First impressions from Singapore
I flew to Singapore on June 5 for a friend’s wedding. And since I could not make it back in time for the elections, I decided to stick around for a couple of days to meet up with investors interested in Turkey, as well as a few economists covering Singapore.
I have a dozen or so meetings lined up for the first half of the week, and I will be relaying you investor perceptions of the election results and the Turkish economy, as well as my take on Singapore’s economy, in my next couple of columns. But as I always do when I visit a country for the first time, I would like to devote this first column to my initial impressions.
The very first impression you get about Singapore is actually more related to Turkey. Once you see the famed Changi Airport, regularly voted the world’s best airport, you realize how good Atatürk Airport is. Sure, it is a great idea to have a spa/gym on the premises, but the whole place does not look as state-of-the-art as Istanbul’s main airport.
The second thing you notice is that the city-state is all about efficiency and convenience - whether you see citizens and permanent residents entering the country via an unmanned station or when you buy a SIM card with ample data and domestic/international minutes for a little over $10 at a currency exchange kiosk. No wonder the city-state tops the World Bank Group’s ease of doing business rankings.
Once you get on the metro, you realize that you are in a multi-ethnic country living in harmony. Nearly two dozen tongues are spoken in Singapore, with its four official languages of English, Malay, Mandarin and Tamil.
Thanks to the bilingual nature of the education system, almost everyone speaks English. In fact, language skills are not the only part of Singapore’s education system that I am envious of: Singaporean students top standardized tests like the Programme for International Student Assessment (PISA).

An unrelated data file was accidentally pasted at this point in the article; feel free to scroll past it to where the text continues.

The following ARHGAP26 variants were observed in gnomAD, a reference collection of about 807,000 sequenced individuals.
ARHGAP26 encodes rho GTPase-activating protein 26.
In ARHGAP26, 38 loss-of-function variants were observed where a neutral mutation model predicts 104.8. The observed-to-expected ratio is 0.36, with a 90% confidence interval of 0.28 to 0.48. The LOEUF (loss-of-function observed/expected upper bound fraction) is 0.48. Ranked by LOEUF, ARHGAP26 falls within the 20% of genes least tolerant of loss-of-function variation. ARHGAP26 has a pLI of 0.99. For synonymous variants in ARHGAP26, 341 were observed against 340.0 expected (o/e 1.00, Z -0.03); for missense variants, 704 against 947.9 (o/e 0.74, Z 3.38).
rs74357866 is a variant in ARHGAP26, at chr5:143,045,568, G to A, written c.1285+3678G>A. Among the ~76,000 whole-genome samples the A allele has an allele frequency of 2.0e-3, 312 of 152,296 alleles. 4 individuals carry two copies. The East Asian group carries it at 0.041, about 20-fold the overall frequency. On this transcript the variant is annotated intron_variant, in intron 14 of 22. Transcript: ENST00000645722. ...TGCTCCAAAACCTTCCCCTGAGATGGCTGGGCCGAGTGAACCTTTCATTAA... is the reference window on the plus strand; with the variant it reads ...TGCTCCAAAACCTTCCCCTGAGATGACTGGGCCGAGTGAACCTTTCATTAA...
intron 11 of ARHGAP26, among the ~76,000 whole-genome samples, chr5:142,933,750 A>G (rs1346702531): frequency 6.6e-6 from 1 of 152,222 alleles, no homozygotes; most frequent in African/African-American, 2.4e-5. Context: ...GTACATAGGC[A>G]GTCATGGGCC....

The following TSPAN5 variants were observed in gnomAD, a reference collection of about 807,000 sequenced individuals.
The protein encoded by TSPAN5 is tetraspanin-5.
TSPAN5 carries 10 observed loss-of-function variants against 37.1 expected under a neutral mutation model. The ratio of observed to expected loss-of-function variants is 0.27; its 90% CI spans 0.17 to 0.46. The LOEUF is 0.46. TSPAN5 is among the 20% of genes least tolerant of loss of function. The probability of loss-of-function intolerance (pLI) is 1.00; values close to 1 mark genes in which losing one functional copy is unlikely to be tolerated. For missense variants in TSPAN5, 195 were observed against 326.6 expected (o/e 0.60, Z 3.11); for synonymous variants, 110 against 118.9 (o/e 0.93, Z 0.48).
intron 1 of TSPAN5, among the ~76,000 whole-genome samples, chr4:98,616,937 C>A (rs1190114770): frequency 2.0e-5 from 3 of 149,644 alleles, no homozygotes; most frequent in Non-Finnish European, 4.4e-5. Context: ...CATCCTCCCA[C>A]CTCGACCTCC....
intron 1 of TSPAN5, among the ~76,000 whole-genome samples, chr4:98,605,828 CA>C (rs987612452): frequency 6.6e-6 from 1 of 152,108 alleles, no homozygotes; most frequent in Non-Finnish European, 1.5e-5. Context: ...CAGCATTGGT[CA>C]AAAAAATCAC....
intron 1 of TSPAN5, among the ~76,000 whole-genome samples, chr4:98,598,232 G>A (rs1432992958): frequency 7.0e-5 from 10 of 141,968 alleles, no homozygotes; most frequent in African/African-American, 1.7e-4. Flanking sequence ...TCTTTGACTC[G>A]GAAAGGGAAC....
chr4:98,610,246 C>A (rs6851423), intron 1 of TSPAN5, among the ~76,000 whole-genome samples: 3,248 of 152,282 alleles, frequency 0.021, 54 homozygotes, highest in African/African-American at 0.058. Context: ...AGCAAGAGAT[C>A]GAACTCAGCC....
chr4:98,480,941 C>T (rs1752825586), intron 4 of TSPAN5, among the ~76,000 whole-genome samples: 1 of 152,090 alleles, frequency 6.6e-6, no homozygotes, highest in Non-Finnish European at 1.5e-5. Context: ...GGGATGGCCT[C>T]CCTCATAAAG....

The multi-cultural environment, combined with its sporadic rain showers, reminded me of a non-dystopian version of 2019 Los Angles in Ridley Scott’s “Blade Runner.” That futuristic impression was reinforced when I saw the Supertrees, 18 steel-clad concrete structures adorned with over 162,900 plants, at the Gardens by the Bay. But Singapore’s futurism is more apparent in ideas than in trees, as I will explain in the next column.
Last but definitely not least, it is impossible to write about Singapore without mentioning the country’s founder and long-time ruler, Lee Kuan Yew (informally known as LKY), who passed away on March 23. In addition to his more admirable qualities, he may have been the first of the “soft dictators,” as argued in a recent paper by Sergei Guriev and Daniel Treisman, which I summarized in my March 30 column.
Both authors recently wrote in the New York Times that LKY “combined parliamentary institutions with strict social control, occasional political arrests and frequent lawsuits to cow the press but also instituted business-friendly policies that helped fuel astronomical growth.” Of course, LKY was much more able than the new incompetent dictators Guriev and Treisman consider. Contrary to the kakistocracy prevalent in these types of regimes, his rule was founded on meritocracy.
I was extremely surprised to see President Recep Tayyip Erdoğan’s name mentioned in the op-ed and paper. After all, as we all know, Turkey is not an autocracy, but an advanced democracy. No wonder he is accusing the NYT of trying to weaken and divide Turkey.